Forum: State must honor constitutional protection
January 3, 2013 8:16PM
Updated: February 5, 2013 6:39AM
It’s important to note that delegates to the 1970 Illinois Constitutional Convention never had to run for re-election. The document they produced still serves as the blueprint for Illinois law, and 42 years later their collective wisdom is at the front of the debate over public pensions.
Ralph Martire, executive director of the bipartisan Center for Tax and Budget Accountability, perfectly summarizes the problem as a debt crisis, not a pension crisis. The debt crisis has been exacerbated by the Legislature’s chronic borrowing of pension assets to cover daily expenses. It’s like a family borrowing from its home equity every month to buy food.
Now, after the worst economic catastrophe since the Great Depression, there is a panicked attempt to strip teachers and other public workers of their constitutionally guaranteed pension benefits. The authors of our constitution guaranteed public pensions because the unfunded liabilities of those systems in 1970 were virtually identical to today.
Can you imagine the state refusing to honor other contractual obligations, like those with vendors? Solutions must be real and long-term. Let’s start by admitting that teacher pensions did not cause our state’s financial problems. It will take courage and vision to do exactly that.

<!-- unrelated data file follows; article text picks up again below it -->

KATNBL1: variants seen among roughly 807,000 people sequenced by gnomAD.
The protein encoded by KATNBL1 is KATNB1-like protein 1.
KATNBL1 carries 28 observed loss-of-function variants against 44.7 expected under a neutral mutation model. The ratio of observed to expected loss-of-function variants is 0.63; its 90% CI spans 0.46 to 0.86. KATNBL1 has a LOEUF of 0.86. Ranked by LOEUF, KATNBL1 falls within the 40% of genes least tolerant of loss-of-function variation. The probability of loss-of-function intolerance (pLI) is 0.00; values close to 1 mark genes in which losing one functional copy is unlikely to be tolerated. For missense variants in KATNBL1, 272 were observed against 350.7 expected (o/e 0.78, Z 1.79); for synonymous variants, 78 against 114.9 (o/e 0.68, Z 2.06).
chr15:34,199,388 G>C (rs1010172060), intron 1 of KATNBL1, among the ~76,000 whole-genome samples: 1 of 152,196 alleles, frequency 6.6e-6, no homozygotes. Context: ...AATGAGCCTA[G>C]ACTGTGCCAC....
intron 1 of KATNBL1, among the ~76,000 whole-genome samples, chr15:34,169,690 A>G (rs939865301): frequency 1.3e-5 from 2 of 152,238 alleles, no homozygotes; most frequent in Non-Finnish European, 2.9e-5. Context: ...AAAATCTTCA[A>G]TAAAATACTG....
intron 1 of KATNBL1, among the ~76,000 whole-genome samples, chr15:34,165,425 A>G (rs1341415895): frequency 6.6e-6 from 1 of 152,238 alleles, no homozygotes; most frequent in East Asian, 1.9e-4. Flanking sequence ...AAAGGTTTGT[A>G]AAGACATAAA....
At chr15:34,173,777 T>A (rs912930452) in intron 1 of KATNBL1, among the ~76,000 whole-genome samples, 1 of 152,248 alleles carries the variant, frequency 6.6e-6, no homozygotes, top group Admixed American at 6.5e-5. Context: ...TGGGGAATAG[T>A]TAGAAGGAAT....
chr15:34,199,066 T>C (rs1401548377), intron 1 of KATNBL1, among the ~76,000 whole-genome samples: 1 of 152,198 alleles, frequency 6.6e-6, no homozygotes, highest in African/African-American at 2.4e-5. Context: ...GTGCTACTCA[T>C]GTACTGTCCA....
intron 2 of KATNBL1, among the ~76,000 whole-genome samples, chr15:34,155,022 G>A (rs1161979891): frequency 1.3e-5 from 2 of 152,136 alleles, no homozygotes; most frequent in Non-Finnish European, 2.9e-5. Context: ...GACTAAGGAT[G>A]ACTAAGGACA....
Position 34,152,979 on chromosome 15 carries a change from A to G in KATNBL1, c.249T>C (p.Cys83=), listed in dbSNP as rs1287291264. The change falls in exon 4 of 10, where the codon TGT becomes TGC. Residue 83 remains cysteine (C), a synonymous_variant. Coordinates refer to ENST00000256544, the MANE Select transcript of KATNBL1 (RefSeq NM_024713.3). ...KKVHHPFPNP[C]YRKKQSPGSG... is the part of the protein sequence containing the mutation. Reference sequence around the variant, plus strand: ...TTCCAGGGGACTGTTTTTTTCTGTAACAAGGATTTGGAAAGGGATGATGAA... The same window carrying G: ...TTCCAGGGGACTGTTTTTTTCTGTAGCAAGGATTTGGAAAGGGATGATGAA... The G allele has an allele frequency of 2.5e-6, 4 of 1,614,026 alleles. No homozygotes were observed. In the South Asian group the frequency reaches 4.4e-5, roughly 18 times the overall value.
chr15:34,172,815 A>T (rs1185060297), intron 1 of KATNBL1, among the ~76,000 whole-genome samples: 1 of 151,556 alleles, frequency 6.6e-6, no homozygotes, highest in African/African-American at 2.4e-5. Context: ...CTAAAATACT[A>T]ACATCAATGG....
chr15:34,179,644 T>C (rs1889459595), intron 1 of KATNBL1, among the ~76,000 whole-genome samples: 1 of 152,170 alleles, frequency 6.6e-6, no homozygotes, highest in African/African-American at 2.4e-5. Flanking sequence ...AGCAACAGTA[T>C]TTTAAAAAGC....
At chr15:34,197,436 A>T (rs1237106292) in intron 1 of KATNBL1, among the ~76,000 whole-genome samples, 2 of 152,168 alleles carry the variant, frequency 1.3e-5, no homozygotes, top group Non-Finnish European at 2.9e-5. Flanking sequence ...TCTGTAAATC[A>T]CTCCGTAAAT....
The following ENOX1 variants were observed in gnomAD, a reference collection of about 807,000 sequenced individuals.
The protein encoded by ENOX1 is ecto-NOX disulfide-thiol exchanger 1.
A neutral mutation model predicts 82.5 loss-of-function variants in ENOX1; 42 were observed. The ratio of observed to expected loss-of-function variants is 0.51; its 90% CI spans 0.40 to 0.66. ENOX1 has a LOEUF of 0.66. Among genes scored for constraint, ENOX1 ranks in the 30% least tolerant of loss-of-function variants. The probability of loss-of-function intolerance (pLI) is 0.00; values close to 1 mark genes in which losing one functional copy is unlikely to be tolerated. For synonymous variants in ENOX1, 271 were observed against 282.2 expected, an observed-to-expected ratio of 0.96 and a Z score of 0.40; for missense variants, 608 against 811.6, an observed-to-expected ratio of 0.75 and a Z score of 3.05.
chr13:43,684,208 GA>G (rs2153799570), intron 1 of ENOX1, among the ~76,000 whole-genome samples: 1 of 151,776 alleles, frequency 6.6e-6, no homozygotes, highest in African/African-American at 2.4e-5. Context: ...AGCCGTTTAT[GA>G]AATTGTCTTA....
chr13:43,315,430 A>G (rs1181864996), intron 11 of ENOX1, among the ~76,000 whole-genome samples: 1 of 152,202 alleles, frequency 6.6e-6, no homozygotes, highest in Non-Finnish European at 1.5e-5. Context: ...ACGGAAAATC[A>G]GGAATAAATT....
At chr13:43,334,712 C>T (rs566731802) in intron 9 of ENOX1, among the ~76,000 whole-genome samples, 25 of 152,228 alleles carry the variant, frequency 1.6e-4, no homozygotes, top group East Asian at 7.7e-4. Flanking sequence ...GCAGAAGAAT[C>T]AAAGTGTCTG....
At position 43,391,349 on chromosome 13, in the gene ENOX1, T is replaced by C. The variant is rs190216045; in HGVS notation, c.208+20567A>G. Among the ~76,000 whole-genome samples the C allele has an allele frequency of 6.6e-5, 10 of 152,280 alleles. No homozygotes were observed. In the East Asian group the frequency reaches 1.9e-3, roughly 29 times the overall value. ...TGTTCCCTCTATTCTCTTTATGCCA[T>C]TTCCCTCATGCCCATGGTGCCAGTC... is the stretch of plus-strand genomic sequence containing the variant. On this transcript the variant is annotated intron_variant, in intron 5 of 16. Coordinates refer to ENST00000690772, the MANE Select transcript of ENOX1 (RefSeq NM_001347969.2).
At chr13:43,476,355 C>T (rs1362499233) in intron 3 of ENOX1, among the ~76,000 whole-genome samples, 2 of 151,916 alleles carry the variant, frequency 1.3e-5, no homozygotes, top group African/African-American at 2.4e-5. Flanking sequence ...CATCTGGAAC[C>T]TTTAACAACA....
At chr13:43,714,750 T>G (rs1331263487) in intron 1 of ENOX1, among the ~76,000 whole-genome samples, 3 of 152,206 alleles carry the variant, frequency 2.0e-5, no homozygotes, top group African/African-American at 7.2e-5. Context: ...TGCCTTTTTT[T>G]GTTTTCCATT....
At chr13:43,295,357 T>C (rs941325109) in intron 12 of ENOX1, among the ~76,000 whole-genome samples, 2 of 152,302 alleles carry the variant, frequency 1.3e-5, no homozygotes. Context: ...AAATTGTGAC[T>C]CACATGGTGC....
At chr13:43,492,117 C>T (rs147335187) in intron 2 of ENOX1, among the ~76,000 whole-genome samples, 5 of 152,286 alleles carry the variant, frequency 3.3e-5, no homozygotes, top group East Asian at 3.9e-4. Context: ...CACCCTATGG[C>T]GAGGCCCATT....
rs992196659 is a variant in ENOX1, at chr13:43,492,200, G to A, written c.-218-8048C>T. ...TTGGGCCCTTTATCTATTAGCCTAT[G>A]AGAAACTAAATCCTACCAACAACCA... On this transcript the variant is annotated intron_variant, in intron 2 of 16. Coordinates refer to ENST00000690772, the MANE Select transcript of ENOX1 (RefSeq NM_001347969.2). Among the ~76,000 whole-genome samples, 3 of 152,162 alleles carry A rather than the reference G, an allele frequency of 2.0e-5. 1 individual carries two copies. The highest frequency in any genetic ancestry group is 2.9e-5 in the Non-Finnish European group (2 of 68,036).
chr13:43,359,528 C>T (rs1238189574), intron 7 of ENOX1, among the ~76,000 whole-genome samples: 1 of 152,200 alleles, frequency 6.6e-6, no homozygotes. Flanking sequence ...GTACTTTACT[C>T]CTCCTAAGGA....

Illinois Retired Teachers Association
Easy choice to do nothing
“One step forward, two steps back” is a good description of the fight to legalize and regulate drugs to stop the drug-related violence that’s a routine occurrence in Chicago and every big city.
In November, voters in Colorado and Washington voted to legalize marijuana, a step forward. But this month, the Sandy Hook School tragedy has the country (Cook County and Illinois included) taking two steps backward with endless discussions and proposals for gun control, some good and some bad.
Not a day goes by when the press and the politicians can’t find some reason to postpone the inevitable showdown between drug prohibition policy and the constitutional right to life, liberty and the pursuit of happiness with fewer guns, gangs and violence.
Unfortunately, another Christmas season has come and gone without Santa delivering the best present for all — an end to the war on drugs that arms bad guys to the teeth with assault weapons and handguns, even when guns, like drugs, are banned.
James E. Gierach
Law Enforcement Against Prohibition
How is it, in the debate over gun control, that “the right of the people to keep and bear arms” is defended, and rightly so, but the phrase “well regulated” in the Second Amendment is often omitted or ignored?
If people want to cite the amendment, shouldn’t they stand behind it in its entirety?